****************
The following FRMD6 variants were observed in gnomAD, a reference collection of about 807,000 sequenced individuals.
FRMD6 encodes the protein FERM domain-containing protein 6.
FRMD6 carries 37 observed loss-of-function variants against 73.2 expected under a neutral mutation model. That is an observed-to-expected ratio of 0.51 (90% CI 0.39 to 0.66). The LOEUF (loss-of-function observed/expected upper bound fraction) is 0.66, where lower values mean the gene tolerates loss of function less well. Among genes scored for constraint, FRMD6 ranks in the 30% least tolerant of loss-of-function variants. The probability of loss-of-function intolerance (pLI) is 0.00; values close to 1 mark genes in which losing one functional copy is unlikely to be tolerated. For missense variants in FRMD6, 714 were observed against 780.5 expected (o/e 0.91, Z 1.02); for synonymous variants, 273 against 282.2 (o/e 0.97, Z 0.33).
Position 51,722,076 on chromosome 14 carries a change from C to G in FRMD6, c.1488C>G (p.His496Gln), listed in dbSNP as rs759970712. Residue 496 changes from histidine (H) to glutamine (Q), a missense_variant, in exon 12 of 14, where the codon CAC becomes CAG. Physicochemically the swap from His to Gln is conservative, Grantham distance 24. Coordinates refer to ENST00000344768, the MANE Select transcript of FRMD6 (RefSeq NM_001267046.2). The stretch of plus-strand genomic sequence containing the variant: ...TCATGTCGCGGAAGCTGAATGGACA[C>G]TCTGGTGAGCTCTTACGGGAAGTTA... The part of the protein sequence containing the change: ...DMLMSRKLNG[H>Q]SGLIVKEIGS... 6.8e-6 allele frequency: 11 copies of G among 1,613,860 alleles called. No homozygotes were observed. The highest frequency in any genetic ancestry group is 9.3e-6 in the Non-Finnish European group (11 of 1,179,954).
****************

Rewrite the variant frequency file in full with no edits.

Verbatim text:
The following FRMD6 variants were observed in gnomAD, a reference collection of about 807,000 sequenced individuals.
FRMD6 encodes the protein FERM domain-containing protein 6.
FRMD6 carries 37 observed loss-of-function variants against 73.2 expected under a neutral mutation model. That is an observed-to-expected ratio of 0.51 (90% CI 0.39 to 0.66). The LOEUF (loss-of-function observed/expected upper bound fraction) is 0.66, where lower values mean the gene tolerates loss of function less well. Among genes scored for constraint, FRMD6 ranks in the 30% least tolerant of loss-of-function variants. The probability of loss-of-function intolerance (pLI) is 0.00; values close to 1 mark genes in which losing one functional copy is unlikely to be tolerated. For missense variants in FRMD6, 714 were observed against 780.5 expected (o/e 0.91, Z 1.02); for synonymous variants, 273 against 282.2 (o/e 0.97, Z 0.33).
Position 51,722,076 on chromosome 14 carries a change from C to G in FRMD6, c.1488C>G (p.His496Gln), listed in dbSNP as rs759970712. Residue 496 changes from histidine (H) to glutamine (Q), a missense_variant, in exon 12 of 14, where the codon CAC becomes CAG. Physicochemically the swap from His to Gln is conservative, Grantham distance 24. Coordinates refer to ENST00000344768, the MANE Select transcript of FRMD6 (RefSeq NM_001267046.2). The stretch of plus-strand genomic sequence containing the variant: ...TCATGTCGCGGAAGCTGAATGGACA[C>G]TCTGGTGAGCTCTTACGGGAAGTTA... The part of the protein sequence containing the change: ...DMLMSRKLNG[H>Q]SGLIVKEIGS... 6.8e-6 allele frequency: 11 copies of G among 1,613,860 alleles called. No homozygotes were observed. The highest frequency in any genetic ancestry group is 9.3e-6 in the Non-Finnish European group (11 of 1,179,954).